Although Denzel Washington is well-known for playing redemptive characters in films, he is sharing his personal need to lean on God every day. 

"Stay on your knees. Watch me, but listen to God," Washington says at a Christian men's conference. "I hope that the words in my mouth and the meditation of my heart are pleasing in God's sight, but I'm human."

Washington was one of the feature speakers to share at "The Better Man Event" hosted by First Baptist Orlando in Florida this past Saturday. 

The Connections podcast: real life, real faith

"At 66, getting ready to be 67, having just buried my mother, I made a promise to her and to God, not just to do good the right way, but to honor my mother and my father by the way I live my life, the rest of my days on this Earth. I'm here to serve, to help, to provide," he says.

During the conference, Washington spoke for 30 minutes on stage with his mentor, Pastor A.R. Bernard, the senior pastor of the Christian Cultural Center in Brooklyn, New York.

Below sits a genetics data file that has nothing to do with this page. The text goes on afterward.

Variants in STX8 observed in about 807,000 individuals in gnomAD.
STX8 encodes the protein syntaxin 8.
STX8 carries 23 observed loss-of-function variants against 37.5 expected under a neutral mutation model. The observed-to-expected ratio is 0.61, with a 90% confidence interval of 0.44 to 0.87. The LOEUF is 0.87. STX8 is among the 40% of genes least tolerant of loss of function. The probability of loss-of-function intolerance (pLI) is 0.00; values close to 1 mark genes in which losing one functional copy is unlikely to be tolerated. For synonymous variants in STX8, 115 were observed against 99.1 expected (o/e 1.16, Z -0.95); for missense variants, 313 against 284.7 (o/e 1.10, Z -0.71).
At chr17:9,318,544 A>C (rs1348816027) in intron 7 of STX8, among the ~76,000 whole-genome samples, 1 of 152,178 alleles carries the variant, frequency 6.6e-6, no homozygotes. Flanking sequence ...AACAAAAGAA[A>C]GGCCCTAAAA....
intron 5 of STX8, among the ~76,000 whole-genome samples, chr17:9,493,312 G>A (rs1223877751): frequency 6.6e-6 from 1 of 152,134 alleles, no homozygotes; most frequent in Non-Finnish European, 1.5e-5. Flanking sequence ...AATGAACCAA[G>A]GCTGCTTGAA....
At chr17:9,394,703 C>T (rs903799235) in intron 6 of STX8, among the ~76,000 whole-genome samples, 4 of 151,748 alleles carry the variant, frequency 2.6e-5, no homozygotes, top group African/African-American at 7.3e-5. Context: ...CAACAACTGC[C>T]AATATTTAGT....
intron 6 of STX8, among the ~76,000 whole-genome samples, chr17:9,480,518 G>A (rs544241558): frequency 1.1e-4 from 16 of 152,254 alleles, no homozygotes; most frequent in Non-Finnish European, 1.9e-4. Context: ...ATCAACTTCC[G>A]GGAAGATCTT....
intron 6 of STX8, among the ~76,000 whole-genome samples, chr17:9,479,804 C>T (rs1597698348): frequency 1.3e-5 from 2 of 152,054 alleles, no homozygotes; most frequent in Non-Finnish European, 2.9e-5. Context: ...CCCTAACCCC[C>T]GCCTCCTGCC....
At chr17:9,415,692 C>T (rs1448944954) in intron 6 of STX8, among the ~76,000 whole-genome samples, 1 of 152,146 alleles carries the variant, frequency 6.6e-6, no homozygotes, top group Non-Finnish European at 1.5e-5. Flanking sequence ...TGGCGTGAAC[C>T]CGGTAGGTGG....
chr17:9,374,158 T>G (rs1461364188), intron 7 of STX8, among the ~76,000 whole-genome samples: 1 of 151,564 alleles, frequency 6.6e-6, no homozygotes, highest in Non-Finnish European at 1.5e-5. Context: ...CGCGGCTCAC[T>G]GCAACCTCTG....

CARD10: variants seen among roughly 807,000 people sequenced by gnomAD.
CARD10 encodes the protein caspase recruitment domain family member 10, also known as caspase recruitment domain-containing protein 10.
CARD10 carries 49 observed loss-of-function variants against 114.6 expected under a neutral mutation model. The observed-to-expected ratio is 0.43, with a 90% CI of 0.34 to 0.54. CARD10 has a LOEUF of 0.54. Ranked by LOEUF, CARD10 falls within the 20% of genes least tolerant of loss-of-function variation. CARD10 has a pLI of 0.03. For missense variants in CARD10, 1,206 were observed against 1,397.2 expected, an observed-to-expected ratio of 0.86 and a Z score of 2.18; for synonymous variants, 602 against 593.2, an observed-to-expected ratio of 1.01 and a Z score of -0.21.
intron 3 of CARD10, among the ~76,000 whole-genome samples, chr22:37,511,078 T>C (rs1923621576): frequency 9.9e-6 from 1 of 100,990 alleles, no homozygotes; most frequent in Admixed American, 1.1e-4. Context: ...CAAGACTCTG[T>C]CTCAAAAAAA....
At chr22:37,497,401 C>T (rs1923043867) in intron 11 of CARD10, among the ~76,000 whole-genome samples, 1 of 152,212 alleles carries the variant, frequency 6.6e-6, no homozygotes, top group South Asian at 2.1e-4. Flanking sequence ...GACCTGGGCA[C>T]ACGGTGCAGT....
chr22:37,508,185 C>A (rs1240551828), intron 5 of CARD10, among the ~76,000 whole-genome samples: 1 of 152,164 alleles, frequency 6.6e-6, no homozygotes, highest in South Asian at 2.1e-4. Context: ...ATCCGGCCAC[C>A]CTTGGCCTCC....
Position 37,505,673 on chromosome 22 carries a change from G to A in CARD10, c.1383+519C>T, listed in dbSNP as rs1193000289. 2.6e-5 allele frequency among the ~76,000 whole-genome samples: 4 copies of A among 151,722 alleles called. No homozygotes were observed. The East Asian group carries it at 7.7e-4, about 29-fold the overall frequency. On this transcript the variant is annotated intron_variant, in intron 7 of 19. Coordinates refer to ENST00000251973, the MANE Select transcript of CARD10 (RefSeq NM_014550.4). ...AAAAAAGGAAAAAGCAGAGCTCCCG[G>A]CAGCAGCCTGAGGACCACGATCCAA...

"In every prayer, all I hear is: 'Feed my sheep.' That's what God wants me to do."

Washington opened up further to the idea of sheep, saying he's come to realize there are many kinds of sheep. 

"So that's why I talk to experienced shepherds to help guide me."

The Academy-Award-winning actor continued to tell people that fame and money are not the answer to life's big questions. 

"What I played in the movies is not who I am, it's what I played. I'm not going to sit or stand on any pedestal and tell you about what I had in mind for you or your soul. Because the fact of the matter is, in the whole 40-year process, I was struggling for my own soul."

To the men in attendance, Washington encouraged them to have a relationship with God, through prayer. 

"What I have will not keep me on this Earth for one more day. Share what you know, inspire who you can, seek advice. If you want to talk to one someone, talk to the One that can do something about it. Constantly develop those habits."

The role of a man, in society's ever-changing landscape, is a privilege, according to Washington. 

"The John Wayne formula is not quite a fit right now. But strength, leadership, power, authority, guidance, patience are God's gift to us as men. We have to cherish that, not abuse it."